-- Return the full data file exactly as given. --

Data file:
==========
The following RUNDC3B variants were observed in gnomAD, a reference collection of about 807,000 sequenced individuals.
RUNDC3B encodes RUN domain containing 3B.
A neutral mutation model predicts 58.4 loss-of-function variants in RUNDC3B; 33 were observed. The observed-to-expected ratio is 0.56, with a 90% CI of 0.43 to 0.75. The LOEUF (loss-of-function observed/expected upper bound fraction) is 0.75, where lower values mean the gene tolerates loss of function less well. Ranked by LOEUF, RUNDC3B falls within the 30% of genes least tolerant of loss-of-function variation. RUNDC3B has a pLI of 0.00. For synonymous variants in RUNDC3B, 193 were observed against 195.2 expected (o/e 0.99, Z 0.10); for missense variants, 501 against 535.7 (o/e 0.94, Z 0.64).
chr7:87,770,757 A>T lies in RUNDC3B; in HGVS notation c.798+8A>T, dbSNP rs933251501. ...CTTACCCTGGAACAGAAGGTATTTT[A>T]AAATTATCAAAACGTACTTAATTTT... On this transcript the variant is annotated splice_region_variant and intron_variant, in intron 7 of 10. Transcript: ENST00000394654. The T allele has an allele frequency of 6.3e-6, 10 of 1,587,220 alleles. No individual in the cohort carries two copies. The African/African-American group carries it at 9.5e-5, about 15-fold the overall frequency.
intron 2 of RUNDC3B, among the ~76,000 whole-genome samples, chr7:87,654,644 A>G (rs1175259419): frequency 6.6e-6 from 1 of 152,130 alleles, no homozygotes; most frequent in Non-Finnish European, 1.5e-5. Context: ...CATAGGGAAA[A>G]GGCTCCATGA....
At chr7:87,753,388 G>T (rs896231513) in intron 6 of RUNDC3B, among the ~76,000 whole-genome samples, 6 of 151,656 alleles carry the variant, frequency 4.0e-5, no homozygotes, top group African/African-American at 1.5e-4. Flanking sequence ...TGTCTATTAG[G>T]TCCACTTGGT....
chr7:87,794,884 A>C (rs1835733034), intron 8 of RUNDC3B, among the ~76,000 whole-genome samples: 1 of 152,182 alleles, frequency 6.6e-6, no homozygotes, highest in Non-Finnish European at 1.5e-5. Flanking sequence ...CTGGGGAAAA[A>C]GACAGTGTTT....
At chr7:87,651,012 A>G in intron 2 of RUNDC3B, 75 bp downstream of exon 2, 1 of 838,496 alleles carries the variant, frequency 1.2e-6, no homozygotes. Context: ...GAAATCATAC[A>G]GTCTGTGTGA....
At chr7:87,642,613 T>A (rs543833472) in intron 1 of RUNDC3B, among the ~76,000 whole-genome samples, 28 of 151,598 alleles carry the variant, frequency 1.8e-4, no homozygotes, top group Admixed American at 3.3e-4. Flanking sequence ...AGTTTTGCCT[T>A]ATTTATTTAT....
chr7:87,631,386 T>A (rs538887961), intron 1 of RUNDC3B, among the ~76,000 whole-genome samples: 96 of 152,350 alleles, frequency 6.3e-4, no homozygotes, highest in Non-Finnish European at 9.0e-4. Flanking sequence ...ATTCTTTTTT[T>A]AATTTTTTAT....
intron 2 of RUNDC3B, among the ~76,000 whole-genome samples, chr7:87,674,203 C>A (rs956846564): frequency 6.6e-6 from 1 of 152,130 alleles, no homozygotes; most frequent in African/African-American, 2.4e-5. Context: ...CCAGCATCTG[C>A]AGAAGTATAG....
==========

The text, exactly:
The following RUNDC3B variants were observed in gnomAD, a reference collection of about 807,000 sequenced individuals.
RUNDC3B encodes RUN domain containing 3B.
A neutral mutation model predicts 58.4 loss-of-function variants in RUNDC3B; 33 were observed. The observed-to-expected ratio is 0.56, with a 90% CI of 0.43 to 0.75. The LOEUF (loss-of-function observed/expected upper bound fraction) is 0.75, where lower values mean the gene tolerates loss of function less well. Ranked by LOEUF, RUNDC3B falls within the 30% of genes least tolerant of loss-of-function variation. RUNDC3B has a pLI of 0.00. For synonymous variants in RUNDC3B, 193 were observed against 195.2 expected (o/e 0.99, Z 0.10); for missense variants, 501 against 535.7 (o/e 0.94, Z 0.64).
chr7:87,770,757 A>T lies in RUNDC3B; in HGVS notation c.798+8A>T, dbSNP rs933251501. ...CTTACCCTGGAACAGAAGGTATTTT[A>T]AAATTATCAAAACGTACTTAATTTT... On this transcript the variant is annotated splice_region_variant and intron_variant, in intron 7 of 10. Transcript: ENST00000394654. The T allele has an allele frequency of 6.3e-6, 10 of 1,587,220 alleles. No individual in the cohort carries two copies. The African/African-American group carries it at 9.5e-5, about 15-fold the overall frequency.
intron 2 of RUNDC3B, among the ~76,000 whole-genome samples, chr7:87,654,644 A>G (rs1175259419): frequency 6.6e-6 from 1 of 152,130 alleles, no homozygotes; most frequent in Non-Finnish European, 1.5e-5. Context: ...CATAGGGAAA[A>G]GGCTCCATGA....
At chr7:87,753,388 G>T (rs896231513) in intron 6 of RUNDC3B, among the ~76,000 whole-genome samples, 6 of 151,656 alleles carry the variant, frequency 4.0e-5, no homozygotes, top group African/African-American at 1.5e-4. Flanking sequence ...TGTCTATTAG[G>T]TCCACTTGGT....
chr7:87,794,884 A>C (rs1835733034), intron 8 of RUNDC3B, among the ~76,000 whole-genome samples: 1 of 152,182 alleles, frequency 6.6e-6, no homozygotes, highest in Non-Finnish European at 1.5e-5. Flanking sequence ...CTGGGGAAAA[A>C]GACAGTGTTT....
At chr7:87,651,012 A>G in intron 2 of RUNDC3B, 75 bp downstream of exon 2, 1 of 838,496 alleles carries the variant, frequency 1.2e-6, no homozygotes. Context: ...GAAATCATAC[A>G]GTCTGTGTGA....
At chr7:87,642,613 T>A (rs543833472) in intron 1 of RUNDC3B, among the ~76,000 whole-genome samples, 28 of 151,598 alleles carry the variant, frequency 1.8e-4, no homozygotes, top group Admixed American at 3.3e-4. Flanking sequence ...AGTTTTGCCT[T>A]ATTTATTTAT....
chr7:87,631,386 T>A (rs538887961), intron 1 of RUNDC3B, among the ~76,000 whole-genome samples: 96 of 152,350 alleles, frequency 6.3e-4, no homozygotes, highest in Non-Finnish European at 9.0e-4. Flanking sequence ...ATTCTTTTTT[T>A]AATTTTTTAT....
intron 2 of RUNDC3B, among the ~76,000 whole-genome samples, chr7:87,674,203 C>A (rs956846564): frequency 6.6e-6 from 1 of 152,130 alleles, no homozygotes; most frequent in African/African-American, 2.4e-5. Context: ...CCAGCATCTG[C>A]AGAAGTATAG....